The current article in this series provides responses related to:
- A new valuation perspective on Cairn India Limited by one of the readers, Nilesh Kumar.
- How should one invest: Entire amount in one go or in a staggered manner
- Importance of the sector of a company in stock analysis
- Relevance of ROE & earnings yield as business metric parameters vs stock market return parameters.
- Investor’s concerns about an unlisted company about to acquire a listed company
- Having a view on stocks for a time bound investment horizon
Cairn India Limited
Hi Sir, I have done some work on Cairn India Limited. Please share your views.
Looking at the cash flows (CF) of company on an average in last 8 years, I find that Cairn India Limited has ₹4,649 cr cash flow. Cairn India Limited is debt free and holding cash of ₹16,363 cr.
How much loan can be given to Cairn India Limited?
If we assume that Cairn India Limited can pay one third of its cash flow i.e. ₹4,649/3 = ₹1,550 cr, as interest, then total loan amount would be ₹17,218 cr (9% pa). So ₹17,218 Cr is required to get one third of cash flow.
If I want to get entire CF then definitely that price would be higher than ₹17,218 Cr. So total worth of company should be at least ₹17,218 + ₹16,363 (cash amount) = ₹33,481 Cr. Total number of share is 187 Cr, so minimum price of a share should be ₹180.
Currently share is trading @₹225, which not much higher than our conservative valuation. Other financial ratio like P/E, BV etc. are also very attractive.
Currently Cairn India Limited is going through some problems like income tax notice and prices of crude have also affected its business. But I think in long run crude prices will go up. Hence, its business will improve.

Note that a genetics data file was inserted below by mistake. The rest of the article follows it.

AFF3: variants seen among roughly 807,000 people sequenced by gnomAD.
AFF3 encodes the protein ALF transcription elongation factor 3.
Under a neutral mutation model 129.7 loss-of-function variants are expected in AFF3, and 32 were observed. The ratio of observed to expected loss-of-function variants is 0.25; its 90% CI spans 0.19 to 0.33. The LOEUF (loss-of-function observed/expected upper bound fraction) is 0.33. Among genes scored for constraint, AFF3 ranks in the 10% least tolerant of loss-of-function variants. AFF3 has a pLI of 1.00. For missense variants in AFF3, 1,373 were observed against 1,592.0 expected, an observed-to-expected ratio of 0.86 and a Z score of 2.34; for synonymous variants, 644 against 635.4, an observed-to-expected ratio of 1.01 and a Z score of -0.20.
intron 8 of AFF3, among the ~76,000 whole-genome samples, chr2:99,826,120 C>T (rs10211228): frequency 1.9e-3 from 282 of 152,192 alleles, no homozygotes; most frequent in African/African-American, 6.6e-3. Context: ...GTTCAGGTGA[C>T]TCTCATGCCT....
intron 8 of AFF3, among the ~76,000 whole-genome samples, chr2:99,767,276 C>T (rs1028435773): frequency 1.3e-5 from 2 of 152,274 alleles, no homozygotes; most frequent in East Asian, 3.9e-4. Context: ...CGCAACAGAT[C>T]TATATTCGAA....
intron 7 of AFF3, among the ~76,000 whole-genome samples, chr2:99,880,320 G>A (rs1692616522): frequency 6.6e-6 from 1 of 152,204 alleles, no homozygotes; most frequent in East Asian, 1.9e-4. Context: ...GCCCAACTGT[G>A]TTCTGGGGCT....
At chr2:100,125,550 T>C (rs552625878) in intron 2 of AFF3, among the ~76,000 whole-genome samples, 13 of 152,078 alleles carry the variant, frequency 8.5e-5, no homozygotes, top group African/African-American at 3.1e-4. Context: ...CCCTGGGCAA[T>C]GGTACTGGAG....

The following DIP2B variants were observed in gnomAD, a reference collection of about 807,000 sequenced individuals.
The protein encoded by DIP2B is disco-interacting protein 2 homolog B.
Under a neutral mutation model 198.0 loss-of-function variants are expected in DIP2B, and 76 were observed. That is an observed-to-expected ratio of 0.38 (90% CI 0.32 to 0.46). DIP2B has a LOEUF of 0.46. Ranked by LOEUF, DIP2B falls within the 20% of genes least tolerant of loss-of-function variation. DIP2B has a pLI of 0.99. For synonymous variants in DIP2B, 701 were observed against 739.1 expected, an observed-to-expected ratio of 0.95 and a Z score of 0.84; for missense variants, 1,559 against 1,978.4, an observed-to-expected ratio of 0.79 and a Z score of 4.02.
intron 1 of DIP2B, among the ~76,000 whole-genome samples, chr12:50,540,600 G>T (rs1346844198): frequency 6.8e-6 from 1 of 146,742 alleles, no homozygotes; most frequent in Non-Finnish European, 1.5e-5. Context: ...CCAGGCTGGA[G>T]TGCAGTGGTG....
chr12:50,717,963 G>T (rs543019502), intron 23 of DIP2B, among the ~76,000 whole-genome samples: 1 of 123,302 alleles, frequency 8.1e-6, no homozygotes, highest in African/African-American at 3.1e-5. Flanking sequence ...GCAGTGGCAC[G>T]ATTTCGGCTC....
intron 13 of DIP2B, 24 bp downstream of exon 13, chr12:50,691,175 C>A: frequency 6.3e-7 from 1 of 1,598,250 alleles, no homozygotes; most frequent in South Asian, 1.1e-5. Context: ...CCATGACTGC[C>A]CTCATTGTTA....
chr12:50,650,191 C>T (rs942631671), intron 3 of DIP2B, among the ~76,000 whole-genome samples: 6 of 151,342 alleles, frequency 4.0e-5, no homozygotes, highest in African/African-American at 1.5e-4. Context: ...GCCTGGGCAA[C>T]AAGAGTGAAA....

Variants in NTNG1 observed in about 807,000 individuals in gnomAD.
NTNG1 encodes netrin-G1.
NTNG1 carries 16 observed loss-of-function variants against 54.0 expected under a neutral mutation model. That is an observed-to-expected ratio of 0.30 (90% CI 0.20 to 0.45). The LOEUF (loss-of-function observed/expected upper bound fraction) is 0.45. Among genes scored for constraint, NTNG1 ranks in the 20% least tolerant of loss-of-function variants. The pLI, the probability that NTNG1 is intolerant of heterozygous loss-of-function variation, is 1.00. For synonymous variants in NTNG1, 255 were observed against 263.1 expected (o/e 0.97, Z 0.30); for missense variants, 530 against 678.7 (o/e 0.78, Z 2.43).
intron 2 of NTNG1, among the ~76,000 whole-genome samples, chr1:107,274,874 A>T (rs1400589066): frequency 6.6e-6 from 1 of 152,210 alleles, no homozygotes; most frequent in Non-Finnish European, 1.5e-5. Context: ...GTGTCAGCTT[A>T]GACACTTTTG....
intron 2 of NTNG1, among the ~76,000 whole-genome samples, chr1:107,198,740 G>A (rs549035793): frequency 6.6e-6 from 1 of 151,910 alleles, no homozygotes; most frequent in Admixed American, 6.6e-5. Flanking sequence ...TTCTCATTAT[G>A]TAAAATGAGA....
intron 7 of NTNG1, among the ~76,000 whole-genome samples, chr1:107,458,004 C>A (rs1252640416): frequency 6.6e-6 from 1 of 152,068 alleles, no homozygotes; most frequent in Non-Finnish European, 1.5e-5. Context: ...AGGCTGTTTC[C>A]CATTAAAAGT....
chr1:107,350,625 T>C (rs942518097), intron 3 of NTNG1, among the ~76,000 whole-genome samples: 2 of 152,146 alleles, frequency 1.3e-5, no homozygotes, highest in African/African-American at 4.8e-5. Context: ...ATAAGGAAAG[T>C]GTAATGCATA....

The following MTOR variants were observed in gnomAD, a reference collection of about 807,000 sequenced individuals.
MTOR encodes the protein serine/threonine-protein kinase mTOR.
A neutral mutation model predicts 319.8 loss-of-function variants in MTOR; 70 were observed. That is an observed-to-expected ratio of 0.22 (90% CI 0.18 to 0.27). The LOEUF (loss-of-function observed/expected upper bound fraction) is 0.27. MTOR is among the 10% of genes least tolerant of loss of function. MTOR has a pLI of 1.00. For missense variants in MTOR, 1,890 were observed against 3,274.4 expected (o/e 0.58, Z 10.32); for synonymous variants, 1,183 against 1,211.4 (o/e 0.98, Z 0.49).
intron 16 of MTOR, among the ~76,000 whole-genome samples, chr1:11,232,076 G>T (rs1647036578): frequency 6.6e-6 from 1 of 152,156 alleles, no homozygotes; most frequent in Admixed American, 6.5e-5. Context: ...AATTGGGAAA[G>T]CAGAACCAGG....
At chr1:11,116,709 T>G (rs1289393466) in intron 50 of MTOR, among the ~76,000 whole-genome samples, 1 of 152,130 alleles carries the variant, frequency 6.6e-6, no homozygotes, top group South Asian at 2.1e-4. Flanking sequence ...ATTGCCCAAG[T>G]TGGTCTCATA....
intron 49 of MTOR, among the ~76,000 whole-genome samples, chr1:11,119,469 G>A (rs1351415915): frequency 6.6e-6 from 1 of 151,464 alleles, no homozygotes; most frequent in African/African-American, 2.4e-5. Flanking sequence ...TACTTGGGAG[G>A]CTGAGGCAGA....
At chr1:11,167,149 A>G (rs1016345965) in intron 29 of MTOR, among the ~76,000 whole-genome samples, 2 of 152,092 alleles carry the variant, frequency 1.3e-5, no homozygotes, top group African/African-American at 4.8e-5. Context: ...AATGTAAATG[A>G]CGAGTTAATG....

Do you think that it’s an opportunity for value investing or trap?
Hi Nilesh, thanks for writing to me!
I appreciate your perspective of analysis and a different approach to valuation. However, you would appreciate that market factors many other parameters while deciding about stock price of any company.
In case of Cairn India, its crude is not one of the best qualities. It has very high sulphur content and solidifies at room temperature. There are many challenges to transport it to refineries and only select refineries can process it.
Royalty of govt. is also another factor that is uncertain and involves frequent issues.
Above everything, the current management (Vedanta group) used cash reserves of cairn to give loans to its group companies at very low interest rates (Libor+3%), which amounts to about 3.5% (6 month Libor is 0.4% currently). This rate is very low compared to 9-10% which cairn could have got by keeping the money in bank FDs or liquid mutual funds. This amounts to loss of returns for cairn shareholders. Thus there are doubts on shareholder friendliness of current management.
And when management intent is under question, then an investor should stay away from the company.
Also Read: How to do Management Analysis of a Company
These factors among many others might be the reasons that its share price is trading at P/E of 4.37.
Can you enlighten me on how to go about buying such shares, which are hidden from major market players? Please also tell in what proportion of one’s capital, should these shares be bought.
I know it depends up on individual risk appetite. But suppose for an aggressive investor with capital (say about ₹500,000), how to do it? Also if one decides to allocate say 20% of capital so about (₹100,000), how much quantity one has to buy at one go in the first purchase?
You have rightly pointed out that the investment pattern would depend upon the risk appetite of the investor.
There cannot be any fix rule, which may meet requirements of all the investors. I believe that an investor should invest only that much in markets so that she does not lose her night’s sleep.